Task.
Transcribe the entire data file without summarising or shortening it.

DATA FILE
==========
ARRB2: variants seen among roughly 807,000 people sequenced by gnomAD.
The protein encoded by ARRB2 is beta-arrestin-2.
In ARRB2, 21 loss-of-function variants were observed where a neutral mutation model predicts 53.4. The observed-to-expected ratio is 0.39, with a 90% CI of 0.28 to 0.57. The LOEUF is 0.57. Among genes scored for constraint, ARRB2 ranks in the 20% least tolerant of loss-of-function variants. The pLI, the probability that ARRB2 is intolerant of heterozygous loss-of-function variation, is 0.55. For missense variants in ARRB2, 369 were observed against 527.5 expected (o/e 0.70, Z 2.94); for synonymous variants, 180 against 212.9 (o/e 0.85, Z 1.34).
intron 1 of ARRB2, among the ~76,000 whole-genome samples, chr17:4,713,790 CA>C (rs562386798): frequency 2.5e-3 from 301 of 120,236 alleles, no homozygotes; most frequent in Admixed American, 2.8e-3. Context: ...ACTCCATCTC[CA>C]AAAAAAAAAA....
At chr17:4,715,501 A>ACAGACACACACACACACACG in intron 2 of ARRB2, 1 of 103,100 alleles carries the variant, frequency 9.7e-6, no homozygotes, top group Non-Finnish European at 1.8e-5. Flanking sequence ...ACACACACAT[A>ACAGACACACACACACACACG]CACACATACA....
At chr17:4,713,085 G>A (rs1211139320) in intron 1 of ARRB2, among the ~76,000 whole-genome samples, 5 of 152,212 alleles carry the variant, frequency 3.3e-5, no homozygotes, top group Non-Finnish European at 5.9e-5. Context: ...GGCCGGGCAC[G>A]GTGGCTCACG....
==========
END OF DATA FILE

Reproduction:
ARRB2: variants seen among roughly 807,000 people sequenced by gnomAD.
The protein encoded by ARRB2 is beta-arrestin-2.
In ARRB2, 21 loss-of-function variants were observed where a neutral mutation model predicts 53.4. The observed-to-expected ratio is 0.39, with a 90% CI of 0.28 to 0.57. The LOEUF is 0.57. Among genes scored for constraint, ARRB2 ranks in the 20% least tolerant of loss-of-function variants. The pLI, the probability that ARRB2 is intolerant of heterozygous loss-of-function variation, is 0.55. For missense variants in ARRB2, 369 were observed against 527.5 expected (o/e 0.70, Z 2.94); for synonymous variants, 180 against 212.9 (o/e 0.85, Z 1.34).
intron 1 of ARRB2, among the ~76,000 whole-genome samples, chr17:4,713,790 CA>C (rs562386798): frequency 2.5e-3 from 301 of 120,236 alleles, no homozygotes; most frequent in Admixed American, 2.8e-3. Context: ...ACTCCATCTC[CA>C]AAAAAAAAAA....
At chr17:4,715,501 A>ACAGACACACACACACACACG in intron 2 of ARRB2, 1 of 103,100 alleles carries the variant, frequency 9.7e-6, no homozygotes, top group Non-Finnish European at 1.8e-5. Flanking sequence ...ACACACACAT[A>ACAGACACACACACACACACG]CACACATACA....
At chr17:4,713,085 G>A (rs1211139320) in intron 1 of ARRB2, among the ~76,000 whole-genome samples, 5 of 152,212 alleles carry the variant, frequency 3.3e-5, no homozygotes, top group Non-Finnish European at 5.9e-5. Context: ...GGCCGGGCAC[G>A]GTGGCTCACG....